- Christmas Day falls in the middle of summer for countries in the southern hemisphere.
- Astronauts take the day off to celebrate Christmas Day on the International Space Station.
- Santa Claus would need to travel at 8.2 million km/hour to visit all the kids on Earth.
5 things you didn't know
1. Christmas is celebrated in late December, which in the northern hemisphere means cold weather and warm clothes! But did you know that in the southern hemisphere, Christmas happens right in the middle of summer?
2. The coldest ever Christmas on record in the UK was in 2010, when temperatures fell all the way to –13°C.
Christmas in space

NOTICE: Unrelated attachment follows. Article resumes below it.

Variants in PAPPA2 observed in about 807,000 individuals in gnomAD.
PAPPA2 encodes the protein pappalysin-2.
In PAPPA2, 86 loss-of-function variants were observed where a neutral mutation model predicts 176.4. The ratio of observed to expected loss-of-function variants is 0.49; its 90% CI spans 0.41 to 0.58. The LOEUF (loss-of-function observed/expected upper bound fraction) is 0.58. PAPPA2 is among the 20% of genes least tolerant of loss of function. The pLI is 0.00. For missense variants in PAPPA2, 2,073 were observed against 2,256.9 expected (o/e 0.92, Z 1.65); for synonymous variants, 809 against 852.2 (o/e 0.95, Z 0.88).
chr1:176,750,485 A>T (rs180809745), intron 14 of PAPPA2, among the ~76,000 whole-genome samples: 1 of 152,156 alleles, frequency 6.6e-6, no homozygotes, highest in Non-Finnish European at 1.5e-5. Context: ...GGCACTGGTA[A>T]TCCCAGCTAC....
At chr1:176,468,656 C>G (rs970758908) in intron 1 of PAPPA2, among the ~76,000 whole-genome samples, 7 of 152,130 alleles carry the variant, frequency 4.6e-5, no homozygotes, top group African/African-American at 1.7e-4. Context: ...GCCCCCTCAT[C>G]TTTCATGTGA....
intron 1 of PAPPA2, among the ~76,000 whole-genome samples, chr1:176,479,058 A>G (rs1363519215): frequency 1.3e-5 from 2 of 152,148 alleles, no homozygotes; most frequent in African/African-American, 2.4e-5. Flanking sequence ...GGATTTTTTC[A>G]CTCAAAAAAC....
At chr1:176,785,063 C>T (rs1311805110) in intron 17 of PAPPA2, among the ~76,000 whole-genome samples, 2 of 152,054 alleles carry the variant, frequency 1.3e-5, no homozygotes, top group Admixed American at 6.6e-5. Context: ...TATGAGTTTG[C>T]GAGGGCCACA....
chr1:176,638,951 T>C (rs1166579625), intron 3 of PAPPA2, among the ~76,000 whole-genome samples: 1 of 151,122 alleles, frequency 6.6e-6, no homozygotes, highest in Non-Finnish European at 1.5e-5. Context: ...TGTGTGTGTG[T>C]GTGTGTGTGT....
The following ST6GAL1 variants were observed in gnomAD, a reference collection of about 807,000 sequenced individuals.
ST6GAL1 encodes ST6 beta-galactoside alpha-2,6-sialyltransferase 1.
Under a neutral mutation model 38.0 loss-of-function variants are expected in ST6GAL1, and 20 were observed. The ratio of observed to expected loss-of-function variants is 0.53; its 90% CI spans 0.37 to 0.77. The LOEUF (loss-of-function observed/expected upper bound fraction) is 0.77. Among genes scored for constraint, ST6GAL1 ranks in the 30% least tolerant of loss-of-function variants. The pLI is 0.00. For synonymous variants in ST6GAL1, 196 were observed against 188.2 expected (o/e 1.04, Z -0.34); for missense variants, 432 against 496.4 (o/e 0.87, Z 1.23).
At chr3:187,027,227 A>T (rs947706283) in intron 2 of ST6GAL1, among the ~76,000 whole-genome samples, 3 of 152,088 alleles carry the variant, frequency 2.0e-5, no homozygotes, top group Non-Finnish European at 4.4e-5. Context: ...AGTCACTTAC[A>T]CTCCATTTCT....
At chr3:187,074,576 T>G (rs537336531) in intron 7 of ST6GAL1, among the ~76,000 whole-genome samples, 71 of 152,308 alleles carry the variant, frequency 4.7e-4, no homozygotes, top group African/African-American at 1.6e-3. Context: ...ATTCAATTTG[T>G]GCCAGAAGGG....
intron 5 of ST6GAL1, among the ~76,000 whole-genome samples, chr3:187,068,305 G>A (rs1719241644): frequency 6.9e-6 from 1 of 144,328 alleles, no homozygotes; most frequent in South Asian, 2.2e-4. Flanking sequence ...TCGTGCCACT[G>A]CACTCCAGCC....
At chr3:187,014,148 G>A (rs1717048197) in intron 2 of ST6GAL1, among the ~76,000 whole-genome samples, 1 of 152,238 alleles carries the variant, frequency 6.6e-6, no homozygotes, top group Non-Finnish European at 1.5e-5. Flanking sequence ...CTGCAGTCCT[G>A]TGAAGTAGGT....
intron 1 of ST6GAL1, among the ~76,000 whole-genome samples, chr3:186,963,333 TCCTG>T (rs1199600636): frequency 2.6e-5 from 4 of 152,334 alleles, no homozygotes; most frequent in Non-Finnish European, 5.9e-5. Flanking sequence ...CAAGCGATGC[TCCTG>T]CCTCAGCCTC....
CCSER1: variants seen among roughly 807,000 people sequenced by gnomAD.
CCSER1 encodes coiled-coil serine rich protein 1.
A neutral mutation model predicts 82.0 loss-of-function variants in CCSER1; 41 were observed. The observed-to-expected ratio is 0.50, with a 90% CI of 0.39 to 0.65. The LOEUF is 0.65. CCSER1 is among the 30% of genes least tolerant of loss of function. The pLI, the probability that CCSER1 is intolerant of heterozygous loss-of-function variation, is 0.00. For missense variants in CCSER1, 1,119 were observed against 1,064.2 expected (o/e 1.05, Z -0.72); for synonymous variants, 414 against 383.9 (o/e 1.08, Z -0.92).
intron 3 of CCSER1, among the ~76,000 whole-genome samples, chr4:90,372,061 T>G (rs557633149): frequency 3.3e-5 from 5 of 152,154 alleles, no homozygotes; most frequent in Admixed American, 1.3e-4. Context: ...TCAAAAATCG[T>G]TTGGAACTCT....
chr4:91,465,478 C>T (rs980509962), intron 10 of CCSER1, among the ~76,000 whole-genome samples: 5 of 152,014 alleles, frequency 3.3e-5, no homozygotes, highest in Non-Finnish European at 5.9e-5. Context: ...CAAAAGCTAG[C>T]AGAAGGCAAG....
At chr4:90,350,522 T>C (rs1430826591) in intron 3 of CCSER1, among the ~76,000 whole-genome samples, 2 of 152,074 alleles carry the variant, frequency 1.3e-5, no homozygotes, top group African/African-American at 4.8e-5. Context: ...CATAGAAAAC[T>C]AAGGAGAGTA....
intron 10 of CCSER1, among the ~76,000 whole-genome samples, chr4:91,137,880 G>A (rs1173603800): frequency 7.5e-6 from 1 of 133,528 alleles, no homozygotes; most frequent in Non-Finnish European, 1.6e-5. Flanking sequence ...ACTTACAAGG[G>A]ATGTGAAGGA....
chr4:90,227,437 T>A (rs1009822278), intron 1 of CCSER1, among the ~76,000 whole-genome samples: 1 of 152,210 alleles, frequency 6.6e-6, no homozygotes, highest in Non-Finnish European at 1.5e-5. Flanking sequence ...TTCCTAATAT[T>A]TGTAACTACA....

3. Astronauts take a day off to celebrate Christmas on the International Space Station – and because they orbit Earth 16 times a day, they see 16 Christmas Day sunrises in 24 hours!
4. The town of Bethel, in the United States, built the biggest snowman – or in fact, the biggest snow-woman – in 2008. Her name was Olympia and she was a towering 37 metres high!
5. For Santa Claus to visit all the children in the world on Christmas Eve, his sleigh would need to travel at around 8.2 million kilometres per hour. Weee!
Spark a discussion
- Can you explain why countries in the northern hemisphere (such as the UK and USA) celebrate Christmas in winter, while countries in the southern hemisphere (such as Australia and New Zealand) celebrate Christmas in summer?
- If you were trying to build the tallest snowman (or snow-woman) in the world, what would your design be like? How would you make sure it didn't fall over?
- Imagine you're an astronaut living on the International Space Station. Could you celebrate Christmas like you normally do? Why or why not?